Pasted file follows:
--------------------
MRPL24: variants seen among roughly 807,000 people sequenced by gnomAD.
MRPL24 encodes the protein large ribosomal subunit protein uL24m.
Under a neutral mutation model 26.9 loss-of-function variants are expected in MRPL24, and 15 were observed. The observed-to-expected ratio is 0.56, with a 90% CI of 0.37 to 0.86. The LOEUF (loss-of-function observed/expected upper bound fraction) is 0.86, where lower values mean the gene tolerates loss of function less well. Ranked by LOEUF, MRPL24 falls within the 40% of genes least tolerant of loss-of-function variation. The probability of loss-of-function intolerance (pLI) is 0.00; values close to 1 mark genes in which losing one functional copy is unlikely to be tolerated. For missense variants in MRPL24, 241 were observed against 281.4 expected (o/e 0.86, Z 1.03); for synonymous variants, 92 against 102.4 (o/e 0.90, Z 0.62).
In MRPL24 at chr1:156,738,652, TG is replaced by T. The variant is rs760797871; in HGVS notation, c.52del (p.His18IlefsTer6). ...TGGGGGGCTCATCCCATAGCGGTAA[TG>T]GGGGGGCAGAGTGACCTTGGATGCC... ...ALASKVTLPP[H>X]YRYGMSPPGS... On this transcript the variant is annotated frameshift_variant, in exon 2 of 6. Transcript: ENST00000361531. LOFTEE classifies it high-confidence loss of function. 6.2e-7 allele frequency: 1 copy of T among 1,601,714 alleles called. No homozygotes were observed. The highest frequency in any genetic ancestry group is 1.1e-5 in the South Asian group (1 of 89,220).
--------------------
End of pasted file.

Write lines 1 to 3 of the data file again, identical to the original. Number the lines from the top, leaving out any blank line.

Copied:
MRPL24: variants seen among roughly 807,000 people sequenced by gnomAD.
MRPL24 encodes the protein large ribosomal subunit protein uL24m.
Under a neutral mutation model 26.9 loss-of-function variants are expected in MRPL24, and 15 were observed. The observed-to-expected ratio is 0.56, with a 90% CI of 0.37 to 0.86. The LOEUF (loss-of-function observed/expected upper bound fraction) is 0.86, where lower values mean the gene tolerates loss of function less well. Ranked by LOEUF, MRPL24 falls within the 40% of genes least tolerant of loss-of-function variation. The probability of loss-of-function intolerance (pLI) is 0.00; values close to 1 mark genes in which losing one functional copy is unlikely to be tolerated. For missense variants in MRPL24, 241 were observed against 281.4 expected (o/e 0.86, Z 1.03); for synonymous variants, 92 against 102.4 (o/e 0.90, Z 0.62).